Dr. Schouten is a member of the Community Constituency Group (CCG) and one of two CCG representatives to the Adult Executive Committee of the Adult AIDS Clinical Trials Group (AACTG). The views expressed here are his own and do not necessarily reflect those of the AACTG. Although SMART is not designed to determine the optimal time to start antiretroviral therapy, the design is nevertheless relevant to that question for treatment-naïve patients. Accordingly, the issues Dr. Schouten raises below are appropriate to SMART volunteers who have never before taken therapy.
In early November 2000, a group of about 20 HIV treatment activists sent a letter to Anthony S. Fauci, M.D., Director of the National Institute of Allergy and Infectious Disease (NIAID), expressing serious reservations about a possible federally-funded when-to-start trial (WTST) for antiretroviral therapy. Jules Levin, from the National AIDS Treatment Advocacy Project (NATAP), and I wrote this letter. We felt it important to express our view, shared by many in the HIV-infected community, regarding the feasibility and opportunity costs of a large, simple WTST.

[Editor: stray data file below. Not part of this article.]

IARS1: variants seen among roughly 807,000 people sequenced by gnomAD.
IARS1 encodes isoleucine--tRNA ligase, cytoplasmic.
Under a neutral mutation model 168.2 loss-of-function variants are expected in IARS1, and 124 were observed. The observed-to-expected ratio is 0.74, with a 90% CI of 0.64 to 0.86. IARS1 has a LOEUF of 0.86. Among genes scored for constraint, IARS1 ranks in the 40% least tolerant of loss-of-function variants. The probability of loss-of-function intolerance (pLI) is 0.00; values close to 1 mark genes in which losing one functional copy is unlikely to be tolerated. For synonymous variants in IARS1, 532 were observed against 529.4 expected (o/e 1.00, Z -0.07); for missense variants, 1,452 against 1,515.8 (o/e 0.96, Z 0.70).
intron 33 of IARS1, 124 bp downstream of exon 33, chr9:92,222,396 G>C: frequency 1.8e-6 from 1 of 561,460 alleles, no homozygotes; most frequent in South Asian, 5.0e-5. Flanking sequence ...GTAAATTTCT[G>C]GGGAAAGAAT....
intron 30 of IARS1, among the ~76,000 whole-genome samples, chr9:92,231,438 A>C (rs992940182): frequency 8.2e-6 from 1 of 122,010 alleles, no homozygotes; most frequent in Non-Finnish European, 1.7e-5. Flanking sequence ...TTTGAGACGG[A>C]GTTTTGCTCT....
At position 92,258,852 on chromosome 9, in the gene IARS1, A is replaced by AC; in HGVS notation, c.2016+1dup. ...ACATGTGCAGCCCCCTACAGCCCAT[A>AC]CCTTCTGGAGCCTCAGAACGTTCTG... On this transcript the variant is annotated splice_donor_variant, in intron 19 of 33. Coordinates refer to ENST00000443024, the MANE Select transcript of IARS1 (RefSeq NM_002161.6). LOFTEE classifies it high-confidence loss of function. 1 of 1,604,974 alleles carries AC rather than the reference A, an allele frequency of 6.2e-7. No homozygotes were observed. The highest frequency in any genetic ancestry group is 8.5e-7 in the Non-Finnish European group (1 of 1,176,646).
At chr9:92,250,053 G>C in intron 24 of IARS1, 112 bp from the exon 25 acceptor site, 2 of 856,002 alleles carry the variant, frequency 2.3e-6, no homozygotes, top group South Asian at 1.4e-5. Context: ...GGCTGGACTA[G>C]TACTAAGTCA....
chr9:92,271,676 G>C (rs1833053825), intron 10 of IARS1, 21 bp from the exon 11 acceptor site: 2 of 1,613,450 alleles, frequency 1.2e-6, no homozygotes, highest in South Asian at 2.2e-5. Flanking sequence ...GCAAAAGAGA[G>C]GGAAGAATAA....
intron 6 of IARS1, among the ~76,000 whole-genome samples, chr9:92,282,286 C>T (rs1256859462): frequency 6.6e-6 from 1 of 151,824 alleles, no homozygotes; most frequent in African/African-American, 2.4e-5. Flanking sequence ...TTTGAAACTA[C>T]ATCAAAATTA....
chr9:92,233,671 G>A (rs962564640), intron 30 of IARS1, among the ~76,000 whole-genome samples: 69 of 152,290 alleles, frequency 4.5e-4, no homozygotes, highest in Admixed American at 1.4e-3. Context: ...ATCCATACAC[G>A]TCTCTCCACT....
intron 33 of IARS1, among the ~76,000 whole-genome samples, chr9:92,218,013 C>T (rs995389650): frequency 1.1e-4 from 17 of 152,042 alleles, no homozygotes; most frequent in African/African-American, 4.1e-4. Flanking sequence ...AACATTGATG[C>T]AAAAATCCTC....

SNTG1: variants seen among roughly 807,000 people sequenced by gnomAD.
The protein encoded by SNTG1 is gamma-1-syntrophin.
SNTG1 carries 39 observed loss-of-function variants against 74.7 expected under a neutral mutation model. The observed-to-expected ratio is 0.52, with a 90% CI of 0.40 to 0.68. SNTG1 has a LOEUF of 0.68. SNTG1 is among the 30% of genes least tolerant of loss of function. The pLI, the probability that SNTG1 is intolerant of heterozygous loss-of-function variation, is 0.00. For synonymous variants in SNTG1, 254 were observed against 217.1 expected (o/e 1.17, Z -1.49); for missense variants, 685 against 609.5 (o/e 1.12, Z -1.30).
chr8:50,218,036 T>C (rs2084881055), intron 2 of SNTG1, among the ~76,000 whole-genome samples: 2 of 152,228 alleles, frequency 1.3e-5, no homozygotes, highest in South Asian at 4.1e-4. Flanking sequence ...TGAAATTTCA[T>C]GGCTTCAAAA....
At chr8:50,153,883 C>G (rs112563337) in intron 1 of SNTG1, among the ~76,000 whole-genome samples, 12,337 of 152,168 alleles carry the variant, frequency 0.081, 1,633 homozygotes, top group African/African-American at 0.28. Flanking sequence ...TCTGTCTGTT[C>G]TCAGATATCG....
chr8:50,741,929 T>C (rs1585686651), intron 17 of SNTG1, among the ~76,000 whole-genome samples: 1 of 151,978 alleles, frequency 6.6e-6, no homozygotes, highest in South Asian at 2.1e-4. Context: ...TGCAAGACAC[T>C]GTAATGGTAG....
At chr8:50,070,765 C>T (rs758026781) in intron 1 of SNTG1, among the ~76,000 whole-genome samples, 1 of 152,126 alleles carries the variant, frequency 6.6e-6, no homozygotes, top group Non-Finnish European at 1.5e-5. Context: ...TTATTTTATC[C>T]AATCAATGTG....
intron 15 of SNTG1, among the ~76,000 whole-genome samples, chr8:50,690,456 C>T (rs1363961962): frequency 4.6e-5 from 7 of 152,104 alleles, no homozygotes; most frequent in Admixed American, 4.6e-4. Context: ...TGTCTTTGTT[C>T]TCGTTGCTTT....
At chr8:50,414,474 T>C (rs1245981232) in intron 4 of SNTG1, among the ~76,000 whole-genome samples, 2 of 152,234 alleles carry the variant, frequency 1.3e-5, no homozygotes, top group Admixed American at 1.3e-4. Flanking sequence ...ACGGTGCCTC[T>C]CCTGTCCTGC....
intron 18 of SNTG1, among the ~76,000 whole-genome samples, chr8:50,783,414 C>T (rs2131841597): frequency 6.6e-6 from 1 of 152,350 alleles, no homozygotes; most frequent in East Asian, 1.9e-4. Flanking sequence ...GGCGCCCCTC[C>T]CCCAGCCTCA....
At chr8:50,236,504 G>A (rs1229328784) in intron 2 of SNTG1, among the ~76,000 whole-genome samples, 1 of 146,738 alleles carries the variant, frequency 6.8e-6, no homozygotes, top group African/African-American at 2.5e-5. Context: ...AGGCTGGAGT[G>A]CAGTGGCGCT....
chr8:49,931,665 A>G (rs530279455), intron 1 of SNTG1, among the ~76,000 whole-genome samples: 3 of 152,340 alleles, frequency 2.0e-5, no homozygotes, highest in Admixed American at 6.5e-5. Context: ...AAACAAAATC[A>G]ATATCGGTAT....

While there is no doubt that the question of when to start treatment for HIV is a very important one, not all questions can be answered in a clinically useful manner. All HIV-infected people struggle over when to start therapy. In the end, people evaluate available data and make a decision with which they are comfortable. Very few people would allow such a critical decision to be made by the "flip of a coin." Whether or not to begin therapy is one of the most significant decisions one has to make while living with HIV. Even if enough people joined a WTST, the answers derived from such a trial may not provide information meaningful to the individual. There are many factors involved in making that decision, and many of them are psychosocial, not medical. Additionally, a number of new developments will emerge during the study, rendering the study's results less meaningful. These developments include new drugs, new classes of drugs, new understandings of and interventions for metabolic and morphologic changes, and possibly other unforeseen issues.